Be persistent in eradicating sin
My grandfather farmed in Butler County all his life. Like other farmers in the early 20th century, he searched for every possible edge.
Papa trusted the advice of agriculture experts. Their suggestions usually worked to his advantage.
When agents recommended he plant kudzu to control hillside erosion, Papa bit. Kudzu did control erosion. Eventually, however, this invasive species overtook thousands of productive acres.
Kudzu came to America from Asia in 1876 for the Philadelphia Centennial Exposition. The Chinese used it to make herbal tea and paper. Kudzu based soaps, jellies and lotions still exist today.
The fast growing vines, however, can take down trees and overspread uncultivated property. Frost kills the vines, but not the roots. They live to sprout again.
A similar invasion takes place in the human heart. The Apostle Paul said sin entered the world through one person, but “death spread to all men, because all sinned” (Romans 5:12).
Sin unchecked results in the reproduction of evil that wrecks lives. Sin’s roots go deep. It might be controlled for a time by old fashioned determination or attempts to be good. Eventually, however, the roots of sin sprout again.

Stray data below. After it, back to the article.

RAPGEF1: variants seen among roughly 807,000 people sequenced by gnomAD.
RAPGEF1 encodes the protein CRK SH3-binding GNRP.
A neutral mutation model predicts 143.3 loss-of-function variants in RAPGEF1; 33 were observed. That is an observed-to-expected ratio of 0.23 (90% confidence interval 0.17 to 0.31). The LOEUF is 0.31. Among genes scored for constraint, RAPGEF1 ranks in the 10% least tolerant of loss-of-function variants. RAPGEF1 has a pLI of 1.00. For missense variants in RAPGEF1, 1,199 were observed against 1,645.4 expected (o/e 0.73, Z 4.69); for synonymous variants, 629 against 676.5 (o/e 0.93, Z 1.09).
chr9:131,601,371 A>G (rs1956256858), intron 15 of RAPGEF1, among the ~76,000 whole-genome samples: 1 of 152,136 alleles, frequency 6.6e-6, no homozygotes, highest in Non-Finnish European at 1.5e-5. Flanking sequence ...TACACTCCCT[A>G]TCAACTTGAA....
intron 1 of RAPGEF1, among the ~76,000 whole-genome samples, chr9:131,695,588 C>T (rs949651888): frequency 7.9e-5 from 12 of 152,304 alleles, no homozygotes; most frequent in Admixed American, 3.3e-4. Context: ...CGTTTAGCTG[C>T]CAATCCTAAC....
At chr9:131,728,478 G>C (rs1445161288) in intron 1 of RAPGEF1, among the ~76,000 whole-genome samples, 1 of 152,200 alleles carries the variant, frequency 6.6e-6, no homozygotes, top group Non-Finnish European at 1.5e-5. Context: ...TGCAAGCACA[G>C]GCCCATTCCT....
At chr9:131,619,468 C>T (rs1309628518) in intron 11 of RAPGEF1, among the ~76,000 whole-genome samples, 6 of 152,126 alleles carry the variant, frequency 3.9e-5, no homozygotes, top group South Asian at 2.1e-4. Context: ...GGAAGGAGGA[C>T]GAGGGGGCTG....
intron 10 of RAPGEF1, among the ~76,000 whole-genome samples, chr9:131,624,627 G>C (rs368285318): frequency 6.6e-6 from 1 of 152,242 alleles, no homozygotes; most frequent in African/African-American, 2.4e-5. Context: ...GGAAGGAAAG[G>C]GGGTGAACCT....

Only one method exists to kill the roots of sin–the forgiveness of God. Paul acknowledged God’s power to forgive sin through the work of Christ.
He urged folks to “consider yourselves to be dead to sin, but alive in God in Christ Jesus” (Romans 6:11).
Only the persistent application of forgiveness controls the multiplication of sin. What results from that reclamation effort?
Compassion replaces anger, kindness replaces vengeance, inner peace replaces turmoil, and thoughtfulness replaces selfishness.
God stands ready to apply forgiveness freely and regularly. Allow forgiveness to soak deep into your life. It works.
Darryl Wood is the pastor at the First Baptist Church in Vincent. He can be reached by e–mail at firstname.lastname@example.org.
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